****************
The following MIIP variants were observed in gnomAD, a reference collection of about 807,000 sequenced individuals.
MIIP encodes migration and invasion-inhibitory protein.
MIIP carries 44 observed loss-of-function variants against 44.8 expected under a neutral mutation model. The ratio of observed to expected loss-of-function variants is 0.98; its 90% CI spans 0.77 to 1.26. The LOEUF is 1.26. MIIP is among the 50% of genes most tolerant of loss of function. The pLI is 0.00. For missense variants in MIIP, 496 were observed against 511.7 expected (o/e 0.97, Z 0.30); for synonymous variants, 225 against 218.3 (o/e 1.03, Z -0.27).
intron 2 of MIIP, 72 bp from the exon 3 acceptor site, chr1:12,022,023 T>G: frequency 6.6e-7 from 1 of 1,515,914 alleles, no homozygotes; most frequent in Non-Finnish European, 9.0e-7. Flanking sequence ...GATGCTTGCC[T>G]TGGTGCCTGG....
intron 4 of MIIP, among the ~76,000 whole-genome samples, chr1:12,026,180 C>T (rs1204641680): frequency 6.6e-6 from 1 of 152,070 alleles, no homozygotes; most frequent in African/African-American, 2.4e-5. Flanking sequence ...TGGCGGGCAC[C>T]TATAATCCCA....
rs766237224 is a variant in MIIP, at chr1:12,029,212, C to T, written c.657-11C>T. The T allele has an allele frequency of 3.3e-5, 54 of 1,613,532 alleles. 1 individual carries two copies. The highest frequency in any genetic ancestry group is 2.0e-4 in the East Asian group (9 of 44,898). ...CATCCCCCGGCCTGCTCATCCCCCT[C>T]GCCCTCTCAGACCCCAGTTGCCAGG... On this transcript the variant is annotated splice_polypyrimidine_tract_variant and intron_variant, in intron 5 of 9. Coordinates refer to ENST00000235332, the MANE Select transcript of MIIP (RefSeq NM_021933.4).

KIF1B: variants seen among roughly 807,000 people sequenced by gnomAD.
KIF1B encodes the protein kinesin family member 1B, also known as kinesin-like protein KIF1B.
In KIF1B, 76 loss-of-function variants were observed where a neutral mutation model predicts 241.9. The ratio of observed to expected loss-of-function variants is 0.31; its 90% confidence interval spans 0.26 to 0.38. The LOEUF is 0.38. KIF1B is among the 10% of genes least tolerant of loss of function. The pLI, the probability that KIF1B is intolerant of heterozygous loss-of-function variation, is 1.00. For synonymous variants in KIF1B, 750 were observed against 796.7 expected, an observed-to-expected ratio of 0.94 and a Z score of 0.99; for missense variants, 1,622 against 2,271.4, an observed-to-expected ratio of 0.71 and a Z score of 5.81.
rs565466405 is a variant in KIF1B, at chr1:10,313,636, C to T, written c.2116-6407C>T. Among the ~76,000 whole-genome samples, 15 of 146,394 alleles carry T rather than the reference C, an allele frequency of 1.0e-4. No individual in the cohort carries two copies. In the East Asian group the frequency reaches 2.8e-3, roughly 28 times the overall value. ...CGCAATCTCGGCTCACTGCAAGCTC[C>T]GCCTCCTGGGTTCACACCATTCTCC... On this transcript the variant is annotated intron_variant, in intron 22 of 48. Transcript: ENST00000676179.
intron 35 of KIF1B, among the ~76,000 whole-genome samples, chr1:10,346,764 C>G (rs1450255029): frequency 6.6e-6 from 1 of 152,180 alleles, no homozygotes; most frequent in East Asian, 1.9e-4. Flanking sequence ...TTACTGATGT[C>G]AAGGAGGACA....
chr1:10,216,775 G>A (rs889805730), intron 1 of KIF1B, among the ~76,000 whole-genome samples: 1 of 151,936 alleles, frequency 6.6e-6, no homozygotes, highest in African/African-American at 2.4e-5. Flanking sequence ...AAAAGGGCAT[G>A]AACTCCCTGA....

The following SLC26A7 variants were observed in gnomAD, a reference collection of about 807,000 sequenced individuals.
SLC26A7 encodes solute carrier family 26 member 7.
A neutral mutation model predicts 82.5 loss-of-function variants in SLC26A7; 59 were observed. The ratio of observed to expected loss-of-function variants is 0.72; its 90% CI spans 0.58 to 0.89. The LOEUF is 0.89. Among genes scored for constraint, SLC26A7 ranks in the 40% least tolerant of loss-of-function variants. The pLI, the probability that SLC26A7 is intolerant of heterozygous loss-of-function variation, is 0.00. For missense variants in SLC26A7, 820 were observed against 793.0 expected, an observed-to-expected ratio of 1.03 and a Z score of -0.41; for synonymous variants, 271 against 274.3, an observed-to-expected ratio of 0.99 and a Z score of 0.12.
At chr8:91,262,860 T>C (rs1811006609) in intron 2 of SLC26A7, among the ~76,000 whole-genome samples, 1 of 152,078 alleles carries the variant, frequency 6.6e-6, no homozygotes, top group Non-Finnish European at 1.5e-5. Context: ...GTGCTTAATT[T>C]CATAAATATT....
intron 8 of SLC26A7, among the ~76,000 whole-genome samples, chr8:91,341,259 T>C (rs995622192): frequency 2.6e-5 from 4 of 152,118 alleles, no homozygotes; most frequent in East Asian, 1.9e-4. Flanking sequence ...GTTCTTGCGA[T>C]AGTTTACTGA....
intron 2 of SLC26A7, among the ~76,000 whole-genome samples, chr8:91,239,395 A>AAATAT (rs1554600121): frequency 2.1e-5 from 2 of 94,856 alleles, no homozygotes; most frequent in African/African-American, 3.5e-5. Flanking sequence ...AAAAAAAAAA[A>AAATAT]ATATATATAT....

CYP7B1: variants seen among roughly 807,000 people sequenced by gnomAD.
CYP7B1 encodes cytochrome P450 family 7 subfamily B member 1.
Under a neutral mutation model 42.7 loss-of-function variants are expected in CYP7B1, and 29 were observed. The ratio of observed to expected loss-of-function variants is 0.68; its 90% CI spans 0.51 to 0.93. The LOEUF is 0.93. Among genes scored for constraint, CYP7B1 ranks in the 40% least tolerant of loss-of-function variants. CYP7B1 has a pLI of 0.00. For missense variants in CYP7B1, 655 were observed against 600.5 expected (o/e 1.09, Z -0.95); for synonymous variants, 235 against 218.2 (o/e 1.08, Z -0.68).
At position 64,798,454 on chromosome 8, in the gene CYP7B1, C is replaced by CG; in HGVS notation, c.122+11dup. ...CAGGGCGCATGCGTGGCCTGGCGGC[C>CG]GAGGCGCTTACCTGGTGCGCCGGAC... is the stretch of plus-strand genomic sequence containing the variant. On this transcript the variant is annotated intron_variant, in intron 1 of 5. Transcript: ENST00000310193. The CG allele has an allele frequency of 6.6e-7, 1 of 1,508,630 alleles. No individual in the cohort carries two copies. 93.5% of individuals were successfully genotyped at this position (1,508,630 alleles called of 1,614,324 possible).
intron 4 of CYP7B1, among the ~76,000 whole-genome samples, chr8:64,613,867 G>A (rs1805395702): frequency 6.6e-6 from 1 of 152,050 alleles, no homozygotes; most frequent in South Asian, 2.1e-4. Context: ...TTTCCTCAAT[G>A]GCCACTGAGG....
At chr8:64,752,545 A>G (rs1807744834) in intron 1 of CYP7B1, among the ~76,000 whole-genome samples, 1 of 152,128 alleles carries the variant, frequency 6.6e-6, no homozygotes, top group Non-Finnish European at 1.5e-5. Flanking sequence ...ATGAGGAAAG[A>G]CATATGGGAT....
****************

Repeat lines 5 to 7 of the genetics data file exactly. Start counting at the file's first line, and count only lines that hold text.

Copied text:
intron 4 of MIIP, among the ~76,000 whole-genome samples, chr1:12,026,180 C>T (rs1204641680): frequency 6.6e-6 from 1 of 152,070 alleles, no homozygotes; most frequent in African/African-American, 2.4e-5. Flanking sequence ...TGGCGGGCAC[C>T]TATAATCCCA....
rs766237224 is a variant in MIIP, at chr1:12,029,212, C to T, written c.657-11C>T. The T allele has an allele frequency of 3.3e-5, 54 of 1,613,532 alleles. 1 individual carries two copies. The highest frequency in any genetic ancestry group is 2.0e-4 in the East Asian group (9 of 44,898). ...CATCCCCCGGCCTGCTCATCCCCCT[C>T]GCCCTCTCAGACCCCAGTTGCCAGG... On this transcript the variant is annotated splice_polypyrimidine_tract_variant and intron_variant, in intron 5 of 9. Coordinates refer to ENST00000235332, the MANE Select transcript of MIIP (RefSeq NM_021933.4).

KIF1B: variants seen among roughly 807,000 people sequenced by gnomAD.